To manage diabetes, you're probably already monitoring your diet and blood sugar. You may also be wondering whether you should take supplements like holy basil, an herbal medicine that has been used for thousands of years in India. Could holy basil for the treatment of diabetes be a good idea?
Read more: Warnings for Holy Basil
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Holy Basil and Diabetes
According to the National Center for Complementary and Integrative Health (NCCIH), there is no reliable evidence that herbal supplements can treat or control diabetes. In particular, holy basil benefits for diabetes need more research.
A review of 24 human studies on holy basil, published in March 2017 in the journal Evidence-Based Complementary and Alternative Medicine, says that holy basil — which is also called tulsi — is an aromatic herb that has been used in Indian (Ayurvedic) medicine for over 3,000 years.
The review found 10 studies that looked at the effectiveness and safety of holy basil in people with type 2 diabetes. Although the studies were small and not long-term, they all found some benefits for reducing blood sugar.
The authors of the review concluded that despite the lack of any large-scale, long-term studies, holy basil seems to be safe and may help control blood sugar in people with type 2 diabetes. The largest study had 90 men with type 2 diabetes and lasted 12 weeks. The review reported that the leaves of holy basil were the source of extracts used for these studies. Even at high doses, there were very few side effects, except for occasional nausea.
It would take much stronger evidence to recommend holy basil or any other herbal supplement as a treatment for diabetes, according to Meghan McLarney, RDN, nutrition therapist and certified diabetes educator at University of Nebraska Medical Center in Omaha. "No supplements except for a daily multivitamin for people with type 2 diabetes over age 50 have been proven to help blood sugar control," she says.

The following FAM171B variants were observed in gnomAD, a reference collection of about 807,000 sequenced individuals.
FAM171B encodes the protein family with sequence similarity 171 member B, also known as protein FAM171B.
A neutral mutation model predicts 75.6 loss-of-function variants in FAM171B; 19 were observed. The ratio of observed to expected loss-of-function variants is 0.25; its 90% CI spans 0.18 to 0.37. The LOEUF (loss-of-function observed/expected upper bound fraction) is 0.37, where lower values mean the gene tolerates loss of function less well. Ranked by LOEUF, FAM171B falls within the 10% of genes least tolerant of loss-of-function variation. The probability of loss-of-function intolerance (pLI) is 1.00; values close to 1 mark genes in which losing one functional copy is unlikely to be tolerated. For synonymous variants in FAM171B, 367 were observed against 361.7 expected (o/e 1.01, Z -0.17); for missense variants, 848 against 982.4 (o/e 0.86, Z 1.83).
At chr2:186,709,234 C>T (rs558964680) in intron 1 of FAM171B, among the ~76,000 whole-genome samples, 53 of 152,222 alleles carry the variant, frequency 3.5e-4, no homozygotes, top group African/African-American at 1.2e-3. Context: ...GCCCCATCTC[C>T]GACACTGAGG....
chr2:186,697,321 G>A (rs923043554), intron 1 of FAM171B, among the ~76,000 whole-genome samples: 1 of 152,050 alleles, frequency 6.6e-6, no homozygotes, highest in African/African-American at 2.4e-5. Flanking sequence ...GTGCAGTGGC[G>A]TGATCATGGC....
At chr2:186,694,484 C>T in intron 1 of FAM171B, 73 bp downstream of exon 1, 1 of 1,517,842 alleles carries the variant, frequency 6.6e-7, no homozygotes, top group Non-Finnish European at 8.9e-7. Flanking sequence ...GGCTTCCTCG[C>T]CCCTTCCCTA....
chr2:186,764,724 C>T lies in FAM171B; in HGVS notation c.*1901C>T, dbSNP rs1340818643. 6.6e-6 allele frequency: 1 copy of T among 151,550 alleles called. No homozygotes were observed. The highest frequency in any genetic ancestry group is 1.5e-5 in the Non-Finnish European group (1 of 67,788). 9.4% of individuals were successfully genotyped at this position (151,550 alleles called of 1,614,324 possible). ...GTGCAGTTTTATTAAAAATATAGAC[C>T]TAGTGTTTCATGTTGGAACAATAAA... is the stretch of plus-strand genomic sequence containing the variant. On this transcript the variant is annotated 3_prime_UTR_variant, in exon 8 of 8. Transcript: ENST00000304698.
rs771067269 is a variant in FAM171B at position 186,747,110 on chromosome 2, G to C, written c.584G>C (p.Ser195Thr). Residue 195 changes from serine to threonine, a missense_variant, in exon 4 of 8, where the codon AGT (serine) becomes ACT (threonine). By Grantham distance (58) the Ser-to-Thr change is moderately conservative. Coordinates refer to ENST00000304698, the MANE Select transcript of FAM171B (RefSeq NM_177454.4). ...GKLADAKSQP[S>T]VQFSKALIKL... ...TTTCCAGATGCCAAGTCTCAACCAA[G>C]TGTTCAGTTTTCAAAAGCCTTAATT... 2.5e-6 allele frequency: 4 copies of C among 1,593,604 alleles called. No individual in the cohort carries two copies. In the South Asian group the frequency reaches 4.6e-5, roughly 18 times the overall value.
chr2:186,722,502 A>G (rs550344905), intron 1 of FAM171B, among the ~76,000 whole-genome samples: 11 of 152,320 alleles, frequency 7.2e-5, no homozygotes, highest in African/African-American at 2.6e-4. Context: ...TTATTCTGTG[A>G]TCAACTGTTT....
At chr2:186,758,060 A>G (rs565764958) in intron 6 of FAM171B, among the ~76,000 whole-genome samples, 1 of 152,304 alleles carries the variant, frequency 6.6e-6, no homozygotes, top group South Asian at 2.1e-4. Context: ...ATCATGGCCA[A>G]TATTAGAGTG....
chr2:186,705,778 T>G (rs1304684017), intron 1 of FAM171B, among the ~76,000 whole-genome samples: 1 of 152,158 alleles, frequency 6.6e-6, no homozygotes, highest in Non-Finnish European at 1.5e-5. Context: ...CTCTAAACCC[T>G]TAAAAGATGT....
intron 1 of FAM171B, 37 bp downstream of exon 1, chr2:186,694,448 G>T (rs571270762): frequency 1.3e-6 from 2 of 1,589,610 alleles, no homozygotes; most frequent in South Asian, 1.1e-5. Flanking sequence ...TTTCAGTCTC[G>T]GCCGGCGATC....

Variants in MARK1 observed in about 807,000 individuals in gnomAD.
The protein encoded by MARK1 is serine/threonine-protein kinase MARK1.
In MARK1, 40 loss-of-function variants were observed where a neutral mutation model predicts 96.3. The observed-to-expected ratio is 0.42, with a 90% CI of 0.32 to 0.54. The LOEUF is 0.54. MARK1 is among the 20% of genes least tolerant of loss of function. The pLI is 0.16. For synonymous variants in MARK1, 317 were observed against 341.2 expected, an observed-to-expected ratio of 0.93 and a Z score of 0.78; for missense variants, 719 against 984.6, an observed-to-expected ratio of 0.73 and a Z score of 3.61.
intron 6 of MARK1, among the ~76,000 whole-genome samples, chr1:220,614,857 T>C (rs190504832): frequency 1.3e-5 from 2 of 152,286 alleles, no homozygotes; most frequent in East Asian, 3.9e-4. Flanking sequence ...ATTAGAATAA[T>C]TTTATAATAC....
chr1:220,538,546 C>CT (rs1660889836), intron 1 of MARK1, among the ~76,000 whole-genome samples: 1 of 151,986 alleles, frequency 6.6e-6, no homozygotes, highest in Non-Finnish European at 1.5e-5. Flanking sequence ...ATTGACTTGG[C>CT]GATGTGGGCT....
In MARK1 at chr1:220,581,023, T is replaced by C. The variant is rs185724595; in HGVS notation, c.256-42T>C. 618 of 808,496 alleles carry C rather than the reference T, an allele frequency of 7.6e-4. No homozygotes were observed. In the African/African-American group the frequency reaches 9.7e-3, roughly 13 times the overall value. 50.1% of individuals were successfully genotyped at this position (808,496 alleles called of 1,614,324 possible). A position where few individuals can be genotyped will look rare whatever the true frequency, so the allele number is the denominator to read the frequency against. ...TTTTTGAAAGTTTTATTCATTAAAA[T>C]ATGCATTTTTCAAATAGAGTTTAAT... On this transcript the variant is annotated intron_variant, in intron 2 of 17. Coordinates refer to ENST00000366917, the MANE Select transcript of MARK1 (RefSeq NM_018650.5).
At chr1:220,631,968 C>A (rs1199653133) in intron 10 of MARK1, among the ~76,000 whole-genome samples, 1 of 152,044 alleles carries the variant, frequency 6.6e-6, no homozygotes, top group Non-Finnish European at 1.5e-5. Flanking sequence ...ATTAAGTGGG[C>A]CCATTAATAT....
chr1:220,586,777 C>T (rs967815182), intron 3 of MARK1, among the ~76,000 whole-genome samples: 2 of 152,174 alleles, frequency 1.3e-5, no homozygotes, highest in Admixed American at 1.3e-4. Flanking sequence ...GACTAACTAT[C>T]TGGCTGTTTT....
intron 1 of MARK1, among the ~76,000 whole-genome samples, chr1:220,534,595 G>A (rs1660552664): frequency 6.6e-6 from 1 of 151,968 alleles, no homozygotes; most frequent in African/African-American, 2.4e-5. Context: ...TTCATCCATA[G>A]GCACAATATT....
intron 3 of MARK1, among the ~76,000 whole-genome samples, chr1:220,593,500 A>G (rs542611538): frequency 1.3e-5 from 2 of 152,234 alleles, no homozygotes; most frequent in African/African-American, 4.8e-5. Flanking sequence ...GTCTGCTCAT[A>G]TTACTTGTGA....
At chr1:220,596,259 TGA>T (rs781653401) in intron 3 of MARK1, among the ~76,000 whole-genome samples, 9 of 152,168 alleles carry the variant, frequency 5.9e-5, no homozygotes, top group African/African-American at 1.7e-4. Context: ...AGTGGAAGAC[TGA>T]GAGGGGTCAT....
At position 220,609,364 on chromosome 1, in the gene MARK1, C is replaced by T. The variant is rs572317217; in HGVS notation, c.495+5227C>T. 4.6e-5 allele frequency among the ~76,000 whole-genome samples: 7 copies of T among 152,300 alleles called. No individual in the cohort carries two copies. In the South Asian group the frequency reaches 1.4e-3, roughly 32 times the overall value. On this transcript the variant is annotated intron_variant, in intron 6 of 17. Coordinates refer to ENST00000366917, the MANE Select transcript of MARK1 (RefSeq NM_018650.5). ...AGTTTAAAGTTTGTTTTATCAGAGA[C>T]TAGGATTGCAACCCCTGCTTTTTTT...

And as NCCIH points out, studies have not supported the use of herbs like ginseng, milk thistle, bitter lemon, cinnamon, fenugreek or various Chinese herbs.
With supplements, safety is a major concern, because they are not regulated as strictly and some may even be harmful. In fact, the U.S. Food and Drug Administration has warned people with diabetes about supplements that claim to treat diabetes.
"Many supplements are not tested for purity and some have been found to be contaminated with sugar and other contaminants, as well as interfere with absorption and dose of medications taken," McLarney says.
Better Options for Diabetes
The best way to manage diabetes is to take medications prescribed by your doctor and make healthy lifestyle changes like losing weight, increasing exercise and sticking to a healthy and balanced diet.
If you are interested in talking to your doctor about a dietary supplement, the NCCIH says there are a few non-herbal supplements that have some evidence of possible benefits:
- Alpha-Lipoic Acid. Some studies found that this dietary supplement may have benefits for complications from diabetes like vision loss and nerve damage. High doses may cause stomach problems.
- Chromium. This mineral may help reduce blood sugar in type 2 diabetes when added to traditional care. Side effects include stomach pain and bloating, and there have been a few reports of kidney damage.
- Vitamin C. It may help reduce blood sugar in people with type 2 diabetes if taken for over 30 days, although the evidence across 22 studies was weak.
Bottom Line on Holy Basil
Talk to your diabetes care provider before trying any herb or diet supplement for diabetes. It is very important not to replace a proven medical treatment with an unproven herbal or diet supplement, the NCCIH says.
- National Center for Complementary and Integrative Health: “Diabetes and Dietary Supplements”
- Evidence-Based Complementary and Alternative Medicine: “The Clinical Efficacy and Safety of Tulsi in Humans: A Systematic Review of the Literature”
- Meghan McLarney, RDN, LMNT, CDCES, nutrition therapist specialist, certified diabetes educator, University of Nebraska Medical Center, Omaha
Is this an emergency? If you are experiencing serious medical symptoms, please see the National Library of Medicine’s list of signs you need emergency medical attention or call 911.